Are Italian winemakers not welcome in Trump America?

From the department of “this is Trump America, damnit! Isn’t American wine great enough for you?”

Above: Border Field State Park in the very southwestern corner of the United States about 15 miles south of San Diego. I visited the U.S.-Mexico border there in late February.

Many Italian winemakers are anxious about Trump America. And when I write that, I’m not referring to the platform of hate, bigotry, xenophobia, protectionism, isolationism, and populism white nationalism that delivered him to the White House (they’re nervous about all of the above as well).

Since President Trump’s inauguration, I’ve been asked countless times by my Italian clients, colleagues, and counterparts whether or not I believe that the president’s trade wars are going to affect tariffs on Italian wines.

And in more recent weeks, as the build-up to Trump’s new immigration policies have come into focus, I’ve received a growing number of inquiries about immigration controls at international airports in the U.S. where flights from Europe land.

Last week, a rock band from Pesaro, Italy was refused entry into the U.S. even those the musicians seemed to have all their paperwork in order. The group Soviet Soviet was on its way to play the South by Southwest music, film, and media festival in Austin, Texas. But they were turned back at the Seattle airport after being handcuffed and detained.

Read the account of their misadventure on NPR.

I played in a rock band for many years and am well versed in the paperwork that you need to complete when you perform abroad. My group used to travel regularly from New York City to Canada to perform and, like Soviet Soviet, we were required to present documentation that we were not crossing a border in search of employment or compensation for our performances.

In all my years playing music professionally, I have never heard of a band being turned away for an issue like this.

The story was brought to my attention by an Italian wine colleague concerned about an upcoming trip to the States to show her family’s wines.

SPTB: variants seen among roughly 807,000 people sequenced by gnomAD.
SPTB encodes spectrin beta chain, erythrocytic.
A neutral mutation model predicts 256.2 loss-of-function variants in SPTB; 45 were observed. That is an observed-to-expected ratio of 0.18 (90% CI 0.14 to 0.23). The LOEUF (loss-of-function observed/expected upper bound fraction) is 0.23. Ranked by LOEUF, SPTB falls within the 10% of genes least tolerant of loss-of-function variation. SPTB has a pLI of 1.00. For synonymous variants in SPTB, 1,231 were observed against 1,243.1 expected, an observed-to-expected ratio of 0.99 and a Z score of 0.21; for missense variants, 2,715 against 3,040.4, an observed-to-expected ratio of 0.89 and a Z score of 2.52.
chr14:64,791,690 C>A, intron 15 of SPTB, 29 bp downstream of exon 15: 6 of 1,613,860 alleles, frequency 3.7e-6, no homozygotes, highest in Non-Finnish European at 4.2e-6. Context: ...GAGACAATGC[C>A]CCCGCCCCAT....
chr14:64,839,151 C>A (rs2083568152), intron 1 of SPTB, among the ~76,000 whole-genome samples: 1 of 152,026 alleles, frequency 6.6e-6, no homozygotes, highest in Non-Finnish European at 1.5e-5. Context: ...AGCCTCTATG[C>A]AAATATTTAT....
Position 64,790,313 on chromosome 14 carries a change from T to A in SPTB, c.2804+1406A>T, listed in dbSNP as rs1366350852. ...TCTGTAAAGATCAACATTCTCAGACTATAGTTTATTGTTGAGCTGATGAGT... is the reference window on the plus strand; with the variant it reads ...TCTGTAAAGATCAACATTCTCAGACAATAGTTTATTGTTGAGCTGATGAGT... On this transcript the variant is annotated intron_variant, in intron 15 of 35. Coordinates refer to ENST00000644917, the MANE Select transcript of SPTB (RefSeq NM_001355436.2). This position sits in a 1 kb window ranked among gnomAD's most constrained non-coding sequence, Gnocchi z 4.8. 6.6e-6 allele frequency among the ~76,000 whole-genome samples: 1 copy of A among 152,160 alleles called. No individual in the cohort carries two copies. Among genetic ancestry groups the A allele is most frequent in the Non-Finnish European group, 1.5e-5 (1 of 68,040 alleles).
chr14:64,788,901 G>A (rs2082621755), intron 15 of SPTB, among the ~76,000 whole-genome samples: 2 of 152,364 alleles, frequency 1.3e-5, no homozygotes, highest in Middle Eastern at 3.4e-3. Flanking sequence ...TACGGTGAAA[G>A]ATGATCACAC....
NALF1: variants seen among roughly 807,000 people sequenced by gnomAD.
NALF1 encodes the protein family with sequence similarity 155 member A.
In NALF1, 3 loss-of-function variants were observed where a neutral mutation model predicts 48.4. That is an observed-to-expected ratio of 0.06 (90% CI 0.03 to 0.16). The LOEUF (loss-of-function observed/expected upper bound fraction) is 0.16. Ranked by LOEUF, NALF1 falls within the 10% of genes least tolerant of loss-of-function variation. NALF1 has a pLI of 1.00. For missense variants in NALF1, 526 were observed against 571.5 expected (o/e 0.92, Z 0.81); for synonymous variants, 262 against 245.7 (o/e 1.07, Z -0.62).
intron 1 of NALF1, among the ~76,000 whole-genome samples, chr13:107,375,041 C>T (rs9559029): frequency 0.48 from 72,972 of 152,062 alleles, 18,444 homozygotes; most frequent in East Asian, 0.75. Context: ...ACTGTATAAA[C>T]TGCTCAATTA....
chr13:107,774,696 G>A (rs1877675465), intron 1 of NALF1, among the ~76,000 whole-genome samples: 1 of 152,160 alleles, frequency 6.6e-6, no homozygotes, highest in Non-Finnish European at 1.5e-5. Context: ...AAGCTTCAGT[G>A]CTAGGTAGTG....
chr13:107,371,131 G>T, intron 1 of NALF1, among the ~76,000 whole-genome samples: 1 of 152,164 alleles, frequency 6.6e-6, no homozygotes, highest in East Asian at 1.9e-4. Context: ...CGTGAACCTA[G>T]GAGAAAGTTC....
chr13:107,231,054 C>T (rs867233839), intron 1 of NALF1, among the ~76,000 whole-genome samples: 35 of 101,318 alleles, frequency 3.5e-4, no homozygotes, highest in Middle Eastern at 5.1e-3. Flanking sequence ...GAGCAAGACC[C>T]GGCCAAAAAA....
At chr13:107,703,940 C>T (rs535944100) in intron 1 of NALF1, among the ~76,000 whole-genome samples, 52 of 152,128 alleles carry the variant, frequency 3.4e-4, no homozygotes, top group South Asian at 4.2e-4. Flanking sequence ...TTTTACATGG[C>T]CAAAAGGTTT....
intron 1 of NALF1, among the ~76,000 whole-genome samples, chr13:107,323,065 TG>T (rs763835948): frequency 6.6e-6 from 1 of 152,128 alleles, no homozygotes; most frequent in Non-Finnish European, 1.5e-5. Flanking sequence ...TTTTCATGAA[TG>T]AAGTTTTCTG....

Perhaps more ominous was the detainment of good friend and colleague of mine last week at a U.S. airport where international flights land from Europe. Let’s just call him “Federico” for privacy’s sake.

Federico is a highly successful Italian wine professional who travels to the U.S. and Asia frequently. When he landed in the U.S. last week, he was told that his passport had been reported stolen by the Italian government (even though his passport was in his possession and he had not reported it missing). Immigration officials confiscated his wallet and his cellphone and detained him in a holding cell for more than six hours without any explanation.

In my nearly 20 years of working in Italian wine, I have never heard of such a thing happening. I have heard of people being sent to “secondary inspection” because there was an issue with paperwork or confusion about the purpose of their trip. But I’ve never heard of anyone being detained or having her/his cellphone confiscated.

It’s not exactly what I would call the “welcome to America” experience.

It’s too early to say whether or not a new and perhaps more aggressive culture has emerged among the immigration agents who control us when we land at international airports. But these two episodes from last week don’t bode well for Italian winemakers traveling to our country. It’s my sincere hope that they were out-of-the-ordinary instances where miscommunication led to misfortune.

Maybe, like the Trump supporter below who blocked my entry into an ecumenical parking place outside the gym yesterday in Houston, the immigration agents last week were simply having a bad day in Trump America. Let’s hope so…  

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